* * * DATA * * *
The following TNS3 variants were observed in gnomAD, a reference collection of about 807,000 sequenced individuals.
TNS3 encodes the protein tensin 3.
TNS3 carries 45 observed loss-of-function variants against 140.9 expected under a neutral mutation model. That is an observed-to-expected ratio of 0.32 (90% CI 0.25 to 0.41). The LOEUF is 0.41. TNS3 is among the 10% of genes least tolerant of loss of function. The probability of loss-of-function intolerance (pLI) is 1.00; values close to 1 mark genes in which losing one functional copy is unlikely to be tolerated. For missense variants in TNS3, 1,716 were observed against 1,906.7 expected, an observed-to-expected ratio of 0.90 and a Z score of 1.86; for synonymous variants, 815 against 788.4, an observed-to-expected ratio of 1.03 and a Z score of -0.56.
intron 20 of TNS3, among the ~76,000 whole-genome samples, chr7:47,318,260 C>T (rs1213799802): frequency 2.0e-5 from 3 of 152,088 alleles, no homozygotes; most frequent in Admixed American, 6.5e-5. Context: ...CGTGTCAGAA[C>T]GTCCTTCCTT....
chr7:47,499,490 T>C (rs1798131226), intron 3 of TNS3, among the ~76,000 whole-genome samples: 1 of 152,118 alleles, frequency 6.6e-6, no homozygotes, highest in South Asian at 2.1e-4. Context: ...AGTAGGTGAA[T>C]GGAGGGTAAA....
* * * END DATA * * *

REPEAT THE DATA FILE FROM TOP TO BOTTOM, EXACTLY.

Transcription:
The following TNS3 variants were observed in gnomAD, a reference collection of about 807,000 sequenced individuals.
TNS3 encodes the protein tensin 3.
TNS3 carries 45 observed loss-of-function variants against 140.9 expected under a neutral mutation model. That is an observed-to-expected ratio of 0.32 (90% CI 0.25 to 0.41). The LOEUF is 0.41. TNS3 is among the 10% of genes least tolerant of loss of function. The probability of loss-of-function intolerance (pLI) is 1.00; values close to 1 mark genes in which losing one functional copy is unlikely to be tolerated. For missense variants in TNS3, 1,716 were observed against 1,906.7 expected, an observed-to-expected ratio of 0.90 and a Z score of 1.86; for synonymous variants, 815 against 788.4, an observed-to-expected ratio of 1.03 and a Z score of -0.56.
intron 20 of TNS3, among the ~76,000 whole-genome samples, chr7:47,318,260 C>T (rs1213799802): frequency 2.0e-5 from 3 of 152,088 alleles, no homozygotes; most frequent in Admixed American, 6.5e-5. Context: ...CGTGTCAGAA[C>T]GTCCTTCCTT....
chr7:47,499,490 T>C (rs1798131226), intron 3 of TNS3, among the ~76,000 whole-genome samples: 1 of 152,118 alleles, frequency 6.6e-6, no homozygotes, highest in South Asian at 2.1e-4. Context: ...AGTAGGTGAA[T>C]GGAGGGTAAA....